Unzipping the Future of Sustainable Electronics
In2Tec brings an innovative closed-loop solution to the global e-waste problem.
Electronic-systems designers are facing a serious reckoning: How to significantly reduce the environmental impact of more and more electronic content in new vehicles?
E-waste—the mountains of discarded electronic refuse piling up all over the planet—are a global problem that is getting worse each year (see sidebar). And while consumer electronics are the primary constituent in e-waste, the auto industry is steadily exacerbating the mess. With the addition of on-board processors for every new function, and a sensor deluge with no end in sight, a typical passenger vehicle can contain up to 200 electronic control units. Each ECU has a printed circuit board assembly (PCBA) that are difficult and costly to disassemble and reclaim. While the scrapped boards have component and material salvage value, most go to landfill, according to the U.S. EPA.
Discrete solutions for recycling PCBAs and curbing the downstream nightmare have been proposed by industry suppliers. One company, In2Tec Ltd., an electronics designer and manufacturer, is taking a broader view. Its leaders believe true sustainability in electronics requires a circular-economy approach. Their solution combines product innovation with closed-loop, low-impact PCBA manufacturing and reprocessing that company engineers aim to demonstrate in a pilot facility now under development.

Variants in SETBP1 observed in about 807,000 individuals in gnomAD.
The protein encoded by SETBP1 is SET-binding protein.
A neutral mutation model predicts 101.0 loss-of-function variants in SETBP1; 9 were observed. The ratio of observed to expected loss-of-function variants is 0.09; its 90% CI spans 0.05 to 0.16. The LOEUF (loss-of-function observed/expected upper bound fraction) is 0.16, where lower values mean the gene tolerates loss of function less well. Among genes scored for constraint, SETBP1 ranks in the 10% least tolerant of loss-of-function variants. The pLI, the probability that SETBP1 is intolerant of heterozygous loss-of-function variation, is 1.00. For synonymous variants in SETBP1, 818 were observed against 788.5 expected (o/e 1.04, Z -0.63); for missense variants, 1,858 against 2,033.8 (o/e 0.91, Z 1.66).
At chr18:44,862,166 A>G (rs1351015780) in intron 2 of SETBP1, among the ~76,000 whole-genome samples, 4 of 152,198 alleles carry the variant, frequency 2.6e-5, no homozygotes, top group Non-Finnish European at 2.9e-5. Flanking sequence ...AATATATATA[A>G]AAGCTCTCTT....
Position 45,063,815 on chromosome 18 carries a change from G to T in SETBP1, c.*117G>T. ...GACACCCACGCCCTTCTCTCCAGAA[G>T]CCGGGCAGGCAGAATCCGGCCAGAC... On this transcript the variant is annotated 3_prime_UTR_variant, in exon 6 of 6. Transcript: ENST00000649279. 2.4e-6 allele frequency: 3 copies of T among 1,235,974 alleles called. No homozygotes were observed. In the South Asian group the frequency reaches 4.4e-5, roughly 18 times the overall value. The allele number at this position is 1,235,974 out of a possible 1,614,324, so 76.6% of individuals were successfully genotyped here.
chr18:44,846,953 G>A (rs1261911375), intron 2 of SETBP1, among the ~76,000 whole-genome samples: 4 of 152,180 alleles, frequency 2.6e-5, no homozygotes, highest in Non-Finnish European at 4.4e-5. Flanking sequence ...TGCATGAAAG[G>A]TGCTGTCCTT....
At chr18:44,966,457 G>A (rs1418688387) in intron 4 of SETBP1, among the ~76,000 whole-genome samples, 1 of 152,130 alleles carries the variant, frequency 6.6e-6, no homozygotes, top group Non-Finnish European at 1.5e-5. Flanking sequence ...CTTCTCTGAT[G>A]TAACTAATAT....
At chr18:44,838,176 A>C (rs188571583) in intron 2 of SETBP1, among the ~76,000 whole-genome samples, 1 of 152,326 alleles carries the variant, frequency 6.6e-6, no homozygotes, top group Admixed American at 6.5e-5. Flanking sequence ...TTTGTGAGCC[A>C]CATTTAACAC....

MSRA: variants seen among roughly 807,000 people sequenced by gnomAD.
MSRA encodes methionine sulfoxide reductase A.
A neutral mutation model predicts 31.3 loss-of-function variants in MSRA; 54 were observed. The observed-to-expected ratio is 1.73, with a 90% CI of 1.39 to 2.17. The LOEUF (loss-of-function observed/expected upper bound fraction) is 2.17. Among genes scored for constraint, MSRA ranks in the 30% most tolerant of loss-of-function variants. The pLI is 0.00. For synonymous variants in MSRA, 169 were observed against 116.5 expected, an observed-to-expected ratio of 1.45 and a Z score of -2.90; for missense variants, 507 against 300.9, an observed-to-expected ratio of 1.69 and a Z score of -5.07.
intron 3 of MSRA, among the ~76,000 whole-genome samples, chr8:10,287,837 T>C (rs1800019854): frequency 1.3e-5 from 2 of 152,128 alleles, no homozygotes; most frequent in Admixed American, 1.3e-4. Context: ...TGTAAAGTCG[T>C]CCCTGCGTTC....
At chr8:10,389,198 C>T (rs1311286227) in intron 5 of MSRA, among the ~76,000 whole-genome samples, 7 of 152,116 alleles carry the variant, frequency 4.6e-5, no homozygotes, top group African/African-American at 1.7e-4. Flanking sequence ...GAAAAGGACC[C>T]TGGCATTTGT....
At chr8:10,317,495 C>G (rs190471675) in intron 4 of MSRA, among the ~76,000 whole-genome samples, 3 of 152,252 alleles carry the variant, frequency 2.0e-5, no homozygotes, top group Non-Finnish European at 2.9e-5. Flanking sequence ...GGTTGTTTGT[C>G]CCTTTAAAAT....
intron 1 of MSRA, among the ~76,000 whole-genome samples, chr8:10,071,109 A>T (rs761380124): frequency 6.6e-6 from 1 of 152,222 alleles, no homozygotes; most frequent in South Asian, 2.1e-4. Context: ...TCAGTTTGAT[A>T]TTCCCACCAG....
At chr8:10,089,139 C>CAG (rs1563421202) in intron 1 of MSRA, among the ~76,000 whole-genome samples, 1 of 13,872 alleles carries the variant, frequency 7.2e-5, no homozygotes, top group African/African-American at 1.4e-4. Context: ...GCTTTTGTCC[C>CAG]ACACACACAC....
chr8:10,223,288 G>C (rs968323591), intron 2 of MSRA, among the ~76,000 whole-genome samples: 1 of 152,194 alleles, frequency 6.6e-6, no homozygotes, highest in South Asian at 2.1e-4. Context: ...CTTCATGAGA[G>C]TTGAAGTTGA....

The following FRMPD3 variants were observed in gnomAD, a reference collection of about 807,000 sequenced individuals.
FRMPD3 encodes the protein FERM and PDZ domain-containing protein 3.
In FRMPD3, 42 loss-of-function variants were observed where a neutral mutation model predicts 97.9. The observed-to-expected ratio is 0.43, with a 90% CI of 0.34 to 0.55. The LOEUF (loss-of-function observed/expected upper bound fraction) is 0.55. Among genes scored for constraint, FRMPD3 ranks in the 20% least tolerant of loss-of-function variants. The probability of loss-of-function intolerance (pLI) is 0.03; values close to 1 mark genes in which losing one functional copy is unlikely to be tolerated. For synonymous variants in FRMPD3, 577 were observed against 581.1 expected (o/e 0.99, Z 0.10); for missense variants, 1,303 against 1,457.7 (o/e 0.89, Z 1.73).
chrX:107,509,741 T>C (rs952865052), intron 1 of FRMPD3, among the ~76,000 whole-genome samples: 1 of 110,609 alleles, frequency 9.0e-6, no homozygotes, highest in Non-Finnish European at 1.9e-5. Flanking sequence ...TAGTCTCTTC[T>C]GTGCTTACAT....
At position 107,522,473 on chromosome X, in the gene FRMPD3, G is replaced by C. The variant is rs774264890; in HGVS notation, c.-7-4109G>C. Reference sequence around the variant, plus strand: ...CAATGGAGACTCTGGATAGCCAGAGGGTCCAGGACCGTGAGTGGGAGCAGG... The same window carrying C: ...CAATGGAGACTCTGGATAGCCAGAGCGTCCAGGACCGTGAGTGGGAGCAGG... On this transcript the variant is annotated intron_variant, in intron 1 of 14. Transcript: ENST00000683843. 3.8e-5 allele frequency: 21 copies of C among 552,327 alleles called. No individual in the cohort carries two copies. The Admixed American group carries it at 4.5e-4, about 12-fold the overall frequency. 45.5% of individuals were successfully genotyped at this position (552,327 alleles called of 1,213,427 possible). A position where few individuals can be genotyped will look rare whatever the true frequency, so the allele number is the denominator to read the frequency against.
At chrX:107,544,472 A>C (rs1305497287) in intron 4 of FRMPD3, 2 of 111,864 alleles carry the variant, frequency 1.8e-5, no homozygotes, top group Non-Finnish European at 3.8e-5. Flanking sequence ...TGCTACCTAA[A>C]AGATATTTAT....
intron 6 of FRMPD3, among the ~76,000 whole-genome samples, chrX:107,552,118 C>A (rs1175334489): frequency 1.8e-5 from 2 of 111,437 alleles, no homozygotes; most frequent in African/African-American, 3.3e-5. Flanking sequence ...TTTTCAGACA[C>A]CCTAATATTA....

“E-waste is becoming like the plastic-bag issue, driven by consumers and government,” Neil Armstrong, In2Tec’s group managing director, said in an interview with SAE Media. To mitigate the waste stream at its source, the auto industry needs to be proactive, he asserted, rather than “being dragged kicking and screaming into confronting it.”
In2Tec’s goal, he asserted, is to use its technology to deliver PCBAs that have “the highest recyclability in the industry.” To do so, the Kettering, U.K.-based company has focused on flexible-substrate technologies and sustainable electronic solutions since its founding over 25 years ago, Armstrong stated. It serves an array of industrial sectors including medical and aerospace, and counts Porsche, Aston Martin, Konigsegg, and various Formula 1 and World Rally teams as customers for its package-efficient HMI solutions.